Today I need to play a poem
write a picture
paint a song.
Today I need to step outside
and let the world come to me.
As the fulfillment of the self imposed quota of poems looms closer, I consider the possibilities. 366 poems. Obviously not all of them are/or will be worthy of publishing – some were just me, grasping at something that rhymed with straw, but all of them helped me to reach the original objective. To write without filters, to ignore the inner critic.
I believe that this year of verse will be a personal acheivement that I will use to propel myself into more and different artistic challenges. It is not simply an achievement because of the 366 poems it spawned, but because I actually managed to summon up the dicipline to write and post something every day for 366 days running. Aside from the usual inescapables (like eating and sleeping) I can’t really think of anything I’ve done every single day in the last year. If I can do this then I can attempt other goals too, and I can reach them. And the reason I posted this and all the poems to my writing blog was because I wanted company when I reached the goal – I wanted other people to say “Hey, I can do that too!” as they set their own personal goals. I still have 29 days to go and I can’t tell you how much your kind words and comments have meant to me along the way. They were often the drop of water in the desert that kept me going.
So – possibilities – I want to publish the book and somehow I will make that happen. It will most likely not contain all of the 366 poems. Rather, it will be a ‘best of’ book. But the poems will live on here at the blog. I may also select about 10 of the poems that seem to lend themselves to being songs, and arrange and record them (I could put the CD into the book!).
I have toyed with the idea of doing a year of ‘a poem a week’ accompanied by artwork. That, perhaps, will get me back to the drawing board – literally!
But whatever I do and whichever artistic turn I take – thank you for joining me on the journey. This journey may be coming to a close but I guarantee there’ll be more!
Stay tuned for the final 29.
“The Poet not Quite at the Bottom of the Well Anymore”
When I’m confused or tired,
sick, or sad, or hurting,
I look for something mindless,
familiar, and diverting.
A book I’ve read a dozen times
a movie memorized
to the point where I can quote
A puzzle with big pieces,
songs I know by heart,
things where I am confident
that I can do my part.
Yes, I like to do the mindless
every now and then
and give my mind a rest
before diving in again
to wrestle with conundrums
life litters ‘long the way.
Yes, I think I’ll take a break
and ‘Do the Mindless’ today.
wind that moves
clouds around and I’d
it in my needles and cones and
it sift through my swaying limbs singing
to my roots and vibrating
the earth with its song
of life of joy of the music
of the spheres as they spin.
Find some land and some wood, build a house.
Use your heart and your brain, find a spouse.
Work when it’s light,
Sleep when it’s night,
When the weather is bad don’t go out.
Find a spade and some seeds, plant a garden.
Add a cow and some hens to the yard and
grow them some food,
they’ll do the same for you.
Get a sensible dog who will guard them.
Find the deadfalls and snags, cut wood
that will fit in your stove and burn good.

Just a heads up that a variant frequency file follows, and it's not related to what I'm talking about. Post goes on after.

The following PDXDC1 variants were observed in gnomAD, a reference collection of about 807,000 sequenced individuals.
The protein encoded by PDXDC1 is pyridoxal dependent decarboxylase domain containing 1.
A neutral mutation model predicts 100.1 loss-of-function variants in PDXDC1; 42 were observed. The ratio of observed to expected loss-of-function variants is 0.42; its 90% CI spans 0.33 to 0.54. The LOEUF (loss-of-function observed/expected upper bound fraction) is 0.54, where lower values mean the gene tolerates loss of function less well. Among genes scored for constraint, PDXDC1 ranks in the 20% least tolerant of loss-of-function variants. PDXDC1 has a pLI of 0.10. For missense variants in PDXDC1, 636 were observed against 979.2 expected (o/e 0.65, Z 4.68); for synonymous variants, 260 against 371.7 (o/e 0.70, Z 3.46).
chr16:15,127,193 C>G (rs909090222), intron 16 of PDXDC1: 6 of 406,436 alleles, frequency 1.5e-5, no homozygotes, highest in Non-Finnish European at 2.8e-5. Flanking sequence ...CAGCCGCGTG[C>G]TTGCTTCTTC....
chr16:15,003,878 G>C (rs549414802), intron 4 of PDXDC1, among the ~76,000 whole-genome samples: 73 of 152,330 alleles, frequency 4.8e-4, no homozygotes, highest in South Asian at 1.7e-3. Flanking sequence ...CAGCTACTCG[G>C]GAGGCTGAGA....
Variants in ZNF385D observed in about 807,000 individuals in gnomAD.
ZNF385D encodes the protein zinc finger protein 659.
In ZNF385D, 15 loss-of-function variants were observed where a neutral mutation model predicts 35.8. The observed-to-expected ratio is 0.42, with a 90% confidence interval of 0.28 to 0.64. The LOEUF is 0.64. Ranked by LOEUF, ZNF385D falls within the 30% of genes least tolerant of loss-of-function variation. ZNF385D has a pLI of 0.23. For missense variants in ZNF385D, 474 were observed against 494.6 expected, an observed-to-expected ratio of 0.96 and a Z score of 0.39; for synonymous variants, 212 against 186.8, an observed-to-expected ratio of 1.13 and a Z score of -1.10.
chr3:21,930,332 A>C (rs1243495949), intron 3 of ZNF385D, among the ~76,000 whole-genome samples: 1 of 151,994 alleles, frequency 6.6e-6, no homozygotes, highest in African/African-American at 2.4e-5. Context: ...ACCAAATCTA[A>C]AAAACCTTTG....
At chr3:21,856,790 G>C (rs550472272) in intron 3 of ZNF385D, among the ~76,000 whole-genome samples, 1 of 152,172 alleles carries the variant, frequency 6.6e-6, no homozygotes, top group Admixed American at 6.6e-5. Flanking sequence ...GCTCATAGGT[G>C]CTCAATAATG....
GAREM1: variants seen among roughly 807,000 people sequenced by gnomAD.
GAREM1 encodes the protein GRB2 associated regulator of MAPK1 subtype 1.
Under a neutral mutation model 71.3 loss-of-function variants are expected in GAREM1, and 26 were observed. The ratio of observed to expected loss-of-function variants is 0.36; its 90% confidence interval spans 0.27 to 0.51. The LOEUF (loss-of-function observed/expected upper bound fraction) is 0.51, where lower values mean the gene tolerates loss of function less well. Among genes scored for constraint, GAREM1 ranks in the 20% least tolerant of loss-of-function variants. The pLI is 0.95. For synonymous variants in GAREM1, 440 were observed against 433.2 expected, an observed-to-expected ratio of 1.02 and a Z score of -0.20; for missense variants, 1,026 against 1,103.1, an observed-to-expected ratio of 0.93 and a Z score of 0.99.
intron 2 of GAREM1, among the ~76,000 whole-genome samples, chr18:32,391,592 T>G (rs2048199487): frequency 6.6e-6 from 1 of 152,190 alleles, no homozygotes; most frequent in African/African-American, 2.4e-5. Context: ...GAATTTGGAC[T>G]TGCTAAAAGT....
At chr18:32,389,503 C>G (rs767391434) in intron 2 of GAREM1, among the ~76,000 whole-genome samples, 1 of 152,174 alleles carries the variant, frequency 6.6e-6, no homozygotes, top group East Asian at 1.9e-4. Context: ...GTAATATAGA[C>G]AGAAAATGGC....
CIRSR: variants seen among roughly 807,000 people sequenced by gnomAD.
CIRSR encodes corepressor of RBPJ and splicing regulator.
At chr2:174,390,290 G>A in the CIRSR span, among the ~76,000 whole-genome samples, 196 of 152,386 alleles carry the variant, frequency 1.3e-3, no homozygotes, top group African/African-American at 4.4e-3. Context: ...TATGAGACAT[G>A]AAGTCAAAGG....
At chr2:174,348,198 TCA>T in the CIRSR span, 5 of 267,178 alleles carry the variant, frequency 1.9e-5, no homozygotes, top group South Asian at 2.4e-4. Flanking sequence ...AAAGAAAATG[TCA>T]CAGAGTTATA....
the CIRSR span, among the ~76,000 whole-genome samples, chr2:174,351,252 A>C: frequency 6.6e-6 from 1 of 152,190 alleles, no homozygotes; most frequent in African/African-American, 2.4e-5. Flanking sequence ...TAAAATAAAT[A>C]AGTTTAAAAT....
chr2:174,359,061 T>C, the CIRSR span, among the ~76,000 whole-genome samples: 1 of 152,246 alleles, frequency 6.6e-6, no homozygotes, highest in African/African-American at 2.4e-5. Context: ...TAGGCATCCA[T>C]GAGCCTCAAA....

dowse a well for your water.
Raise sons and daughters.
build a cellar to hold all your food
There are other things that would be nice,
like a black and white cat to catch mice,
songs you can hum,
guitars to strum,
and books you would read more than twice.
That’s a pretty darn good life.
Lately I’ve been writing more songs than poems. I never have much trouble distinguishing one from the other because songs ususally come with a melody. There has been the occasional time when a poem has crossed over and become a song, but not often (for me anyway). The way poetry and songs are presented seems to me to create a definite distinction in how they’re written. Songs are written to be listened to, poems are written to be read. Poems can be longer, can be lingered over, and can impart impact through line enjambment and other more visual effects. Songs, with some exceptions, are usually within the two and a half to four minute presentation, must grab the listener’s attention, and are supported by the musical accompaniment, the vocalist’s inflections, etc… So two very different forms. And yet sometimes they merge. I find poems more challenging to write; possibly because of the ‘stand alone’ nature of the beast; the words must carry the message on their own. Lyrics share the burden with music and vocal interpretation and that presents another set of challenges.
PS. After a little more research, I find that I am NOT the originator of the anagram poem. In fact there are people so masochistic out there that they have not only written anagrammatic poems, the poems even rhyme. That’s a challenge for another day, I think.
I like challenges.
Like small plastic fishbone tag tethers
That lurk in the necks of new sweaters
Melodies wait to surface and nag
Till both of my hands hold grocery bags.
When both my hands clutch the truck steering wheel
Melody fishbones begin to reveal
Snippets of songs with potential to be
The number one hit that’s the making of me.
But when the truck stops and my sweater’s removed
And the grocery bags are all emptied of food
And I eagerly reach for my pen to write down
The tune that followed me home from downtown
Like the empty bag that lies on the floor
Of the truck and waits till I open the door
It leaps and it stumbles as if it’s possessed
By a drunken magpie in search of its nest
And my number one hit floats away on a breeze.
I guess some songs aren’t meant to be written by me.